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Autophagy. 2008 Jan;4(1):110-2. Epub 2007 Oct 31.

Signaling pathway of autophagy associated with innate immunity.

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Department of Medicine, Baylor College of Medicine, Houston, Texas 77030, USA.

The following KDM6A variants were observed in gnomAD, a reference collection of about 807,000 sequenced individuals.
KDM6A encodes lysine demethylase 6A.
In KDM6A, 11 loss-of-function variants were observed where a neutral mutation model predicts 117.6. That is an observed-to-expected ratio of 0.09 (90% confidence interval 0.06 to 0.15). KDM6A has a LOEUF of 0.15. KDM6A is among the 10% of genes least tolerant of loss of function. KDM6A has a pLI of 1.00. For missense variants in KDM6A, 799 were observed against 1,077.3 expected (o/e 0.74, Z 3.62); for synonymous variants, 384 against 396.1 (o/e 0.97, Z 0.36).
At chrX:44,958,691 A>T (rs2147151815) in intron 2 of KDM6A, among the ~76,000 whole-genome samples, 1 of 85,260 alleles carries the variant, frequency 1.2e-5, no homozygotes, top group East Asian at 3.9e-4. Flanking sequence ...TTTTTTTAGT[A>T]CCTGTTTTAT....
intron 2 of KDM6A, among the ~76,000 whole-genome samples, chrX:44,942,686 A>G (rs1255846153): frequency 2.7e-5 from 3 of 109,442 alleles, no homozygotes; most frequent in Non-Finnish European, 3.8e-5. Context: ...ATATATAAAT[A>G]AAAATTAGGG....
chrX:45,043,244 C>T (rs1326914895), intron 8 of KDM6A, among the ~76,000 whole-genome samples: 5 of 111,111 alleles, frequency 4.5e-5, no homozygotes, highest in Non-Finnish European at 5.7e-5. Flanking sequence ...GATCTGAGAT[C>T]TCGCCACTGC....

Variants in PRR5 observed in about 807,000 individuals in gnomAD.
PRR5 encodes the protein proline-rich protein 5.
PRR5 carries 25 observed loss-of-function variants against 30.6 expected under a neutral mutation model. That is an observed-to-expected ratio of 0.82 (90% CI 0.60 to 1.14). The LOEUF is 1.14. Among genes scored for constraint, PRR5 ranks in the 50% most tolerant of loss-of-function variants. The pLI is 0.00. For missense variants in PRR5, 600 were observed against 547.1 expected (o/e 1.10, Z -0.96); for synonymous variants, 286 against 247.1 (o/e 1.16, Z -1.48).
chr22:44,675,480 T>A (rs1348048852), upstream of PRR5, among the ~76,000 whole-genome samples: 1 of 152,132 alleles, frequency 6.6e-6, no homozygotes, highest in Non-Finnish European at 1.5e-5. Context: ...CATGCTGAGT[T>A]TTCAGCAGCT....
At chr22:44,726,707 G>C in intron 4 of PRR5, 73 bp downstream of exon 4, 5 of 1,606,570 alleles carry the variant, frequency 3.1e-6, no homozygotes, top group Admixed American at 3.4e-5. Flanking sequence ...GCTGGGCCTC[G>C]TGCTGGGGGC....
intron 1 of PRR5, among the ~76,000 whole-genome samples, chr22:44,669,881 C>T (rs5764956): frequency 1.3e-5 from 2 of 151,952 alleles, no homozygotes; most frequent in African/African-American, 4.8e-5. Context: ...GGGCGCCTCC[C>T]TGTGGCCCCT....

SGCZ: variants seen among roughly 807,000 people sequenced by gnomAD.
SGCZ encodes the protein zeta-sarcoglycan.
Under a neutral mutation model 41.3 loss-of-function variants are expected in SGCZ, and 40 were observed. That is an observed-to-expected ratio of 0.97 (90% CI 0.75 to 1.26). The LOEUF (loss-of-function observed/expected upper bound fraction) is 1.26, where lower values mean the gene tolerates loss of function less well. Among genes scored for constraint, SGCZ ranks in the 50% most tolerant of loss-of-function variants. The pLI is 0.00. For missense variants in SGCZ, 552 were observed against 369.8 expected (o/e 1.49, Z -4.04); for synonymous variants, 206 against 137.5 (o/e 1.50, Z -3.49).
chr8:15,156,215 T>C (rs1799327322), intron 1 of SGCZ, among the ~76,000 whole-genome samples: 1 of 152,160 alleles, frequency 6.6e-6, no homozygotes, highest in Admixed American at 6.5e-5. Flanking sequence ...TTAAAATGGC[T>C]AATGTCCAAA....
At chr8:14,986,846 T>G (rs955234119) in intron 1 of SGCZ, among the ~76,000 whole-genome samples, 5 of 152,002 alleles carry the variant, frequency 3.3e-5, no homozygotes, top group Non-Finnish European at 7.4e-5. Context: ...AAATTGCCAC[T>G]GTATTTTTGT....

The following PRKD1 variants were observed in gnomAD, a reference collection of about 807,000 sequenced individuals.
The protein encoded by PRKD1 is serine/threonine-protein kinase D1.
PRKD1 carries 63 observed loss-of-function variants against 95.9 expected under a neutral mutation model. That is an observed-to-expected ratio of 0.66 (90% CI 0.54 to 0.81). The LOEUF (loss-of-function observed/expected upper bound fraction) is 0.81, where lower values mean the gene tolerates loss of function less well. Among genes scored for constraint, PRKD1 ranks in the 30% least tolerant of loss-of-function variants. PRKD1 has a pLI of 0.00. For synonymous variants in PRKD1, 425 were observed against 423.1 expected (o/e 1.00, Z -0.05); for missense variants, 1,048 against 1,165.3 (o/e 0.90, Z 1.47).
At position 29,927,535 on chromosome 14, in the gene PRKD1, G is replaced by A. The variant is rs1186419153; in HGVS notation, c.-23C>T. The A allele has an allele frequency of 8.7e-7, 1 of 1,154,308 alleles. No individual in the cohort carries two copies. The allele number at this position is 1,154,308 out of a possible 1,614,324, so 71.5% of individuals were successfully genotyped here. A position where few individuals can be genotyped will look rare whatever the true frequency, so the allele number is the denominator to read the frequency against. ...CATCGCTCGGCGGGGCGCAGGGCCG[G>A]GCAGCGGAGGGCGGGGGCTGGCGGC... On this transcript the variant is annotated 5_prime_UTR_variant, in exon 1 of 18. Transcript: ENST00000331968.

Autophagy has recently been shown to be an important component of the innate immune response. The signaling pathways leading to activation of autophagy in innate immunity are not well studied. Our recent study shows that Toll-like receptor 4 (TLR 4) serves as an environmental sensor for autophagy. We define a new molecular pathway in which lipopolysaccharide (LPS) induces autophagy in human and murine macrophages by a pathway regulated through Toll-interleukin 1 receptor domain-containing adaptor-inducing interferon-beta (TRIF)-dependent, myeloid differentiation factor 88 (MyD88)-independent TLR4 signaling. Receptor-interacting protein (RIP1) and p38 mitogen-activated protein-kinase (MAPK) are downstream components of this pathway. This signaling pathway does not affect cell viability, indicating that it is distinct from an autophagic death signaling pathway. We further show that LPS-induced autophagy can enhance mycobacterial co-localization with the autophagosomes. The above study raises important questions. (1) What is the complete signaling pathway for LPS-induced autophagy? (2) Does TLR3 mediate autophagy? (3) What are the mechanisms that determine whether autophagy acts as a pro-death or pro-survival pathway? (4) What are the physiological functions of LPS-induced autophagosomes? Future studies examining the above questions should provide us with important clues as to how autophagy is regulated in innate immunity, and how autophagy can be utilized in pathogen clearance.

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